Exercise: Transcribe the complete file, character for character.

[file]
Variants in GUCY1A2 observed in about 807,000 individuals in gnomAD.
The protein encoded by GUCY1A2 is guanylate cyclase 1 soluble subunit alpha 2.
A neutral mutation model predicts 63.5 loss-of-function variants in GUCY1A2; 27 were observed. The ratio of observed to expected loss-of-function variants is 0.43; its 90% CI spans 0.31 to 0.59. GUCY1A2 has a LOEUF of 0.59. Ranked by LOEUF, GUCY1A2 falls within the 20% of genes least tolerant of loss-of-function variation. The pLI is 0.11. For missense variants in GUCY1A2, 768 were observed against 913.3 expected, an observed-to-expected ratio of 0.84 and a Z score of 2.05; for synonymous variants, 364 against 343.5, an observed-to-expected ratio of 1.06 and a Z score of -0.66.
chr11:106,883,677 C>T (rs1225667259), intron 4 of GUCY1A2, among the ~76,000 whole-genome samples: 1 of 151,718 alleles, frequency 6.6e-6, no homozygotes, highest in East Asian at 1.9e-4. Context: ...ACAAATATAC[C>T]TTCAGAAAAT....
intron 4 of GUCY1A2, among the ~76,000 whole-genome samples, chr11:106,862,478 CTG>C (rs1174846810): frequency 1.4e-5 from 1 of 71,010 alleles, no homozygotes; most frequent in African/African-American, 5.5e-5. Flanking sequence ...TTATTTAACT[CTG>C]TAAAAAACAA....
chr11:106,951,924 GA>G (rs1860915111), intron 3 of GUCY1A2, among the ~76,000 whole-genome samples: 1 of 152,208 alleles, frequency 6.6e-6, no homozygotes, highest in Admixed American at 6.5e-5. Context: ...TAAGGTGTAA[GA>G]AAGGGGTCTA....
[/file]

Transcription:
Variants in GUCY1A2 observed in about 807,000 individuals in gnomAD.
The protein encoded by GUCY1A2 is guanylate cyclase 1 soluble subunit alpha 2.
A neutral mutation model predicts 63.5 loss-of-function variants in GUCY1A2; 27 were observed. The ratio of observed to expected loss-of-function variants is 0.43; its 90% CI spans 0.31 to 0.59. GUCY1A2 has a LOEUF of 0.59. Ranked by LOEUF, GUCY1A2 falls within the 20% of genes least tolerant of loss-of-function variation. The pLI is 0.11. For missense variants in GUCY1A2, 768 were observed against 913.3 expected, an observed-to-expected ratio of 0.84 and a Z score of 2.05; for synonymous variants, 364 against 343.5, an observed-to-expected ratio of 1.06 and a Z score of -0.66.
chr11:106,883,677 C>T (rs1225667259), intron 4 of GUCY1A2, among the ~76,000 whole-genome samples: 1 of 151,718 alleles, frequency 6.6e-6, no homozygotes, highest in East Asian at 1.9e-4. Context: ...ACAAATATAC[C>T]TTCAGAAAAT....
intron 4 of GUCY1A2, among the ~76,000 whole-genome samples, chr11:106,862,478 CTG>C (rs1174846810): frequency 1.4e-5 from 1 of 71,010 alleles, no homozygotes; most frequent in African/African-American, 5.5e-5. Flanking sequence ...TTATTTAACT[CTG>C]TAAAAAACAA....
chr11:106,951,924 GA>G (rs1860915111), intron 3 of GUCY1A2, among the ~76,000 whole-genome samples: 1 of 152,208 alleles, frequency 6.6e-6, no homozygotes, highest in Admixed American at 6.5e-5. Context: ...TAAGGTGTAA[GA>G]AAGGGGTCTA....